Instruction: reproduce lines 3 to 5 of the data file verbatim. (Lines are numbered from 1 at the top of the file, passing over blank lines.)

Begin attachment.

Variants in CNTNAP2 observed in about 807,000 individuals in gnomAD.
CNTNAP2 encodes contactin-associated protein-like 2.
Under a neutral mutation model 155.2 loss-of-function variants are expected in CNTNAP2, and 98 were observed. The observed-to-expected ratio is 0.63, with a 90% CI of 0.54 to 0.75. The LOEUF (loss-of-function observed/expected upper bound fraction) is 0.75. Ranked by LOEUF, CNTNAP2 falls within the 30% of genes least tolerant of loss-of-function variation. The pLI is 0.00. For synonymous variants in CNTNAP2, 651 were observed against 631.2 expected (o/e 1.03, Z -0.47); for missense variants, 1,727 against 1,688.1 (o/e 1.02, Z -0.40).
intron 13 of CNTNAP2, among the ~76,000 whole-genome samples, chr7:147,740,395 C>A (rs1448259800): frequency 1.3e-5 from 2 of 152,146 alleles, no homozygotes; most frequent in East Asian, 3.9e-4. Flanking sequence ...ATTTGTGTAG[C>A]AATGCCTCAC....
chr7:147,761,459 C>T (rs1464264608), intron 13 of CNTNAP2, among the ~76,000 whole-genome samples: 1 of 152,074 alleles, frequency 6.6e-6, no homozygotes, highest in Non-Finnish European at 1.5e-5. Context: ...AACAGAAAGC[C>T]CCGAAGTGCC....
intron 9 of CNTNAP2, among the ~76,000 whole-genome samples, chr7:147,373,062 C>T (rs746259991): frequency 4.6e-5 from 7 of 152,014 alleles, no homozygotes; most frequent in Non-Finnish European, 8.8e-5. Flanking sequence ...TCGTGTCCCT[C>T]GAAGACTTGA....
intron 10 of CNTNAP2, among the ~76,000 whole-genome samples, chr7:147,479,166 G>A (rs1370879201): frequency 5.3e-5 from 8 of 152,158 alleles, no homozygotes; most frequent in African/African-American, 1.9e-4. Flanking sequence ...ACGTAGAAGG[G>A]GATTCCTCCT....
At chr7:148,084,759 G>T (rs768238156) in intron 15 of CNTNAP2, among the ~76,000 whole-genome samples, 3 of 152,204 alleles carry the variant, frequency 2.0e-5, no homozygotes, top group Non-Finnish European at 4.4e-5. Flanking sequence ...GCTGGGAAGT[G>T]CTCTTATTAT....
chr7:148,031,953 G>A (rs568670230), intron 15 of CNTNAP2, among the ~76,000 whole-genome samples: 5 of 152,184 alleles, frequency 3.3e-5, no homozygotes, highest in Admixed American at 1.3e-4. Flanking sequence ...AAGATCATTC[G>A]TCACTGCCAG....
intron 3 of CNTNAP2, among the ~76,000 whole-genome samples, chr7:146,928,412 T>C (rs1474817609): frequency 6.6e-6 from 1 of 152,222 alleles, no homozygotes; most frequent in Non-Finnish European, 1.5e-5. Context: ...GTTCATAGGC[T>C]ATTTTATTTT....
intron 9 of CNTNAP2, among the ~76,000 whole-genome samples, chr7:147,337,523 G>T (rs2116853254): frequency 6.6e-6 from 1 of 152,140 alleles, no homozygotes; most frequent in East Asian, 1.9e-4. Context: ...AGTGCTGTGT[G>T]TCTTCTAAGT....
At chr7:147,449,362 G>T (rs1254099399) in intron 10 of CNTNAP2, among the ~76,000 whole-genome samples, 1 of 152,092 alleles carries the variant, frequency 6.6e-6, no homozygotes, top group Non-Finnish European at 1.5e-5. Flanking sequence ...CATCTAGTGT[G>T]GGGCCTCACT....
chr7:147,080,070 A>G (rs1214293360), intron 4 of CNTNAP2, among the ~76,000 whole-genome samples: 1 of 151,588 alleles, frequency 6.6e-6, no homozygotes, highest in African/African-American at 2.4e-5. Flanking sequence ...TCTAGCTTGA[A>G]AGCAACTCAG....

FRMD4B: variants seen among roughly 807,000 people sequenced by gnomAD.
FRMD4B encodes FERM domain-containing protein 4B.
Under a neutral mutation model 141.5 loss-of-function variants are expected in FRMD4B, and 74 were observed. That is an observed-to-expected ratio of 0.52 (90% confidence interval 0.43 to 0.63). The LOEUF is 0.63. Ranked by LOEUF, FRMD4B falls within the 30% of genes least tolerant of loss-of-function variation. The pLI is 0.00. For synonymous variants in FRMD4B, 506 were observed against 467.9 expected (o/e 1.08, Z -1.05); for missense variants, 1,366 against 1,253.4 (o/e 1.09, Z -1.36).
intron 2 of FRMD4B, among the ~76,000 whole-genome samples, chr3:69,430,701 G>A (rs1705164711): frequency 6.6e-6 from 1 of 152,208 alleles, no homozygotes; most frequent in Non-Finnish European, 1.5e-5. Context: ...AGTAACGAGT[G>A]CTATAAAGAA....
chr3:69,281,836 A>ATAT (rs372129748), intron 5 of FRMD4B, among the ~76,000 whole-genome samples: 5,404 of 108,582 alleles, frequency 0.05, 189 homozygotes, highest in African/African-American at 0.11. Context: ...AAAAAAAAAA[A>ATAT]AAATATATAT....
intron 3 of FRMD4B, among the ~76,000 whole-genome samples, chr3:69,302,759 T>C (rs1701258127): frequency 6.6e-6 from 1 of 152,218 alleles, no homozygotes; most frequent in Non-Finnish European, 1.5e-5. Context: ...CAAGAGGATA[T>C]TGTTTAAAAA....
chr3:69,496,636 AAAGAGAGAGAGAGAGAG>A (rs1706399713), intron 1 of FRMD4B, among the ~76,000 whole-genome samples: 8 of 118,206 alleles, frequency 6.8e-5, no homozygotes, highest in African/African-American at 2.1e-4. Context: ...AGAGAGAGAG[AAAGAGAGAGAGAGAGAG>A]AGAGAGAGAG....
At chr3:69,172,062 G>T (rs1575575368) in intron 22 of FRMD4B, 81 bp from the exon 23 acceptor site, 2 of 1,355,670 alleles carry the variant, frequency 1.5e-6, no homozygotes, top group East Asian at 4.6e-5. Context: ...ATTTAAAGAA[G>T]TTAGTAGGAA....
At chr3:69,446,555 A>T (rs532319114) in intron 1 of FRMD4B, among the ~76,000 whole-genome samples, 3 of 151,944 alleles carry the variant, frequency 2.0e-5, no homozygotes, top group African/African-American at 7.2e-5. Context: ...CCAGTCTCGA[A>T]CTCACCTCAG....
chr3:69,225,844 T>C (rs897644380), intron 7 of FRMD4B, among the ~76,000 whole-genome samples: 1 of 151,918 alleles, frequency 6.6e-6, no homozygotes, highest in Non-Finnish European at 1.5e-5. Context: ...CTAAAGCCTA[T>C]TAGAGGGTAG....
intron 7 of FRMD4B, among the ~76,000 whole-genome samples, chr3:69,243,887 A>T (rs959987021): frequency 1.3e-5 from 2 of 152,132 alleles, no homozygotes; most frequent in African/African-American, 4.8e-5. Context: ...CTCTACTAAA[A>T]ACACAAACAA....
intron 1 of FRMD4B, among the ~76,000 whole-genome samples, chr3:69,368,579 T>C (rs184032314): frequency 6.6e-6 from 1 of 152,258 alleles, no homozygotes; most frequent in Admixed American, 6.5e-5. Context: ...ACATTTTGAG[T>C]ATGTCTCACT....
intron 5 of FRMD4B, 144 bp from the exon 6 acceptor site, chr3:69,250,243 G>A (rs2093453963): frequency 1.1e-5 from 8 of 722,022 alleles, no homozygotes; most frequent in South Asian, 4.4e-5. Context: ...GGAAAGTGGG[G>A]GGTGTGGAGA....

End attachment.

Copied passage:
Under a neutral mutation model 155.2 loss-of-function variants are expected in CNTNAP2, and 98 were observed. The observed-to-expected ratio is 0.63, with a 90% CI of 0.54 to 0.75. The LOEUF (loss-of-function observed/expected upper bound fraction) is 0.75. Ranked by LOEUF, CNTNAP2 falls within the 30% of genes least tolerant of loss-of-function variation. The pLI is 0.00. For synonymous variants in CNTNAP2, 651 were observed against 631.2 expected (o/e 1.03, Z -0.47); for missense variants, 1,727 against 1,688.1 (o/e 1.02, Z -0.40).
intron 13 of CNTNAP2, among the ~76,000 whole-genome samples, chr7:147,740,395 C>A (rs1448259800): frequency 1.3e-5 from 2 of 152,146 alleles, no homozygotes; most frequent in East Asian, 3.9e-4. Flanking sequence ...ATTTGTGTAG[C>A]AATGCCTCAC....
chr7:147,761,459 C>T (rs1464264608), intron 13 of CNTNAP2, among the ~76,000 whole-genome samples: 1 of 152,074 alleles, frequency 6.6e-6, no homozygotes, highest in Non-Finnish European at 1.5e-5. Context: ...AACAGAAAGC[C>T]CCGAAGTGCC....